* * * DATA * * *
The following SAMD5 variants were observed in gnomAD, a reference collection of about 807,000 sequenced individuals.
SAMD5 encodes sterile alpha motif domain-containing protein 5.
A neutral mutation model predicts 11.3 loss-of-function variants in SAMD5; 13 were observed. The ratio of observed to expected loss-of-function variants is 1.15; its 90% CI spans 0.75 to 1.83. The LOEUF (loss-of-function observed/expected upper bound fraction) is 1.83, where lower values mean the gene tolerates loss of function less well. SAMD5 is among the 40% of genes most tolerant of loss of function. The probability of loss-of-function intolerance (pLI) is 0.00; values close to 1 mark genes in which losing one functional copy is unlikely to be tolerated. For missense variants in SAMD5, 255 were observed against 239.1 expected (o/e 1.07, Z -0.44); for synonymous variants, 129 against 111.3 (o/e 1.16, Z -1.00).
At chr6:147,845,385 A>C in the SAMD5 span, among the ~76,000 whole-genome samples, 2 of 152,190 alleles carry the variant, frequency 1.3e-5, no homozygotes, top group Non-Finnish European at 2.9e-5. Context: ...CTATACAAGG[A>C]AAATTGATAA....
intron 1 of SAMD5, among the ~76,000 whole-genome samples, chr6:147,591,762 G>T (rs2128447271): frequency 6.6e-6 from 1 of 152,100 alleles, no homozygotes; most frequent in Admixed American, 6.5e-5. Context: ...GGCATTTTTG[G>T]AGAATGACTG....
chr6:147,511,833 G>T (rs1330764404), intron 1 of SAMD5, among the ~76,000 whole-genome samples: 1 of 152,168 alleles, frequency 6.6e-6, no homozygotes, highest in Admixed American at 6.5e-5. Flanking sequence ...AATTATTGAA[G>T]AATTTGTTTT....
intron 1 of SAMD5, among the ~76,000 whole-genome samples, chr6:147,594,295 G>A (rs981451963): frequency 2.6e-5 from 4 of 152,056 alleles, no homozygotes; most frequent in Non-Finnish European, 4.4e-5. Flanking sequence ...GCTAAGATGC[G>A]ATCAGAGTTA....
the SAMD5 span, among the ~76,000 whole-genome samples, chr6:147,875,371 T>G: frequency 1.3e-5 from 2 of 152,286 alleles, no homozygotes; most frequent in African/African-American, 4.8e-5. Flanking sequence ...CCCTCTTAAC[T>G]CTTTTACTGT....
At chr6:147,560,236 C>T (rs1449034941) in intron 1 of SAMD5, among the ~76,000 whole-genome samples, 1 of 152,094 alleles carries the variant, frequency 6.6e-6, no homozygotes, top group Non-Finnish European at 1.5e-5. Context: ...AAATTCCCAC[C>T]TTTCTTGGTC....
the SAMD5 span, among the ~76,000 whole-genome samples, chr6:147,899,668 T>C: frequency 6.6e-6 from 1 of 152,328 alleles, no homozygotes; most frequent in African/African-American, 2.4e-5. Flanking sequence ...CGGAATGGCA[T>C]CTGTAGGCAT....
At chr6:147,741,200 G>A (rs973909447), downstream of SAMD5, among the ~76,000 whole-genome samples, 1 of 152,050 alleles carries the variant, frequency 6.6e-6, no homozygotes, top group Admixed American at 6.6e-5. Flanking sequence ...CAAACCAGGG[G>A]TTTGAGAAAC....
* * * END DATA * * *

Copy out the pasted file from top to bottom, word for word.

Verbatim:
The following SAMD5 variants were observed in gnomAD, a reference collection of about 807,000 sequenced individuals.
SAMD5 encodes sterile alpha motif domain-containing protein 5.
A neutral mutation model predicts 11.3 loss-of-function variants in SAMD5; 13 were observed. The ratio of observed to expected loss-of-function variants is 1.15; its 90% CI spans 0.75 to 1.83. The LOEUF (loss-of-function observed/expected upper bound fraction) is 1.83, where lower values mean the gene tolerates loss of function less well. SAMD5 is among the 40% of genes most tolerant of loss of function. The probability of loss-of-function intolerance (pLI) is 0.00; values close to 1 mark genes in which losing one functional copy is unlikely to be tolerated. For missense variants in SAMD5, 255 were observed against 239.1 expected (o/e 1.07, Z -0.44); for synonymous variants, 129 against 111.3 (o/e 1.16, Z -1.00).
At chr6:147,845,385 A>C in the SAMD5 span, among the ~76,000 whole-genome samples, 2 of 152,190 alleles carry the variant, frequency 1.3e-5, no homozygotes, top group Non-Finnish European at 2.9e-5. Context: ...CTATACAAGG[A>C]AAATTGATAA....
intron 1 of SAMD5, among the ~76,000 whole-genome samples, chr6:147,591,762 G>T (rs2128447271): frequency 6.6e-6 from 1 of 152,100 alleles, no homozygotes; most frequent in Admixed American, 6.5e-5. Context: ...GGCATTTTTG[G>T]AGAATGACTG....
chr6:147,511,833 G>T (rs1330764404), intron 1 of SAMD5, among the ~76,000 whole-genome samples: 1 of 152,168 alleles, frequency 6.6e-6, no homozygotes, highest in Admixed American at 6.5e-5. Flanking sequence ...AATTATTGAA[G>T]AATTTGTTTT....
intron 1 of SAMD5, among the ~76,000 whole-genome samples, chr6:147,594,295 G>A (rs981451963): frequency 2.6e-5 from 4 of 152,056 alleles, no homozygotes; most frequent in Non-Finnish European, 4.4e-5. Flanking sequence ...GCTAAGATGC[G>A]ATCAGAGTTA....
the SAMD5 span, among the ~76,000 whole-genome samples, chr6:147,875,371 T>G: frequency 1.3e-5 from 2 of 152,286 alleles, no homozygotes; most frequent in African/African-American, 4.8e-5. Flanking sequence ...CCCTCTTAAC[T>G]CTTTTACTGT....
At chr6:147,560,236 C>T (rs1449034941) in intron 1 of SAMD5, among the ~76,000 whole-genome samples, 1 of 152,094 alleles carries the variant, frequency 6.6e-6, no homozygotes, top group Non-Finnish European at 1.5e-5. Context: ...AAATTCCCAC[C>T]TTTCTTGGTC....
the SAMD5 span, among the ~76,000 whole-genome samples, chr6:147,899,668 T>C: frequency 6.6e-6 from 1 of 152,328 alleles, no homozygotes; most frequent in African/African-American, 2.4e-5. Flanking sequence ...CGGAATGGCA[T>C]CTGTAGGCAT....
At chr6:147,741,200 G>A (rs973909447), downstream of SAMD5, among the ~76,000 whole-genome samples, 1 of 152,050 alleles carries the variant, frequency 6.6e-6, no homozygotes, top group Admixed American at 6.6e-5. Flanking sequence ...CAAACCAGGG[G>A]TTTGAGAAAC....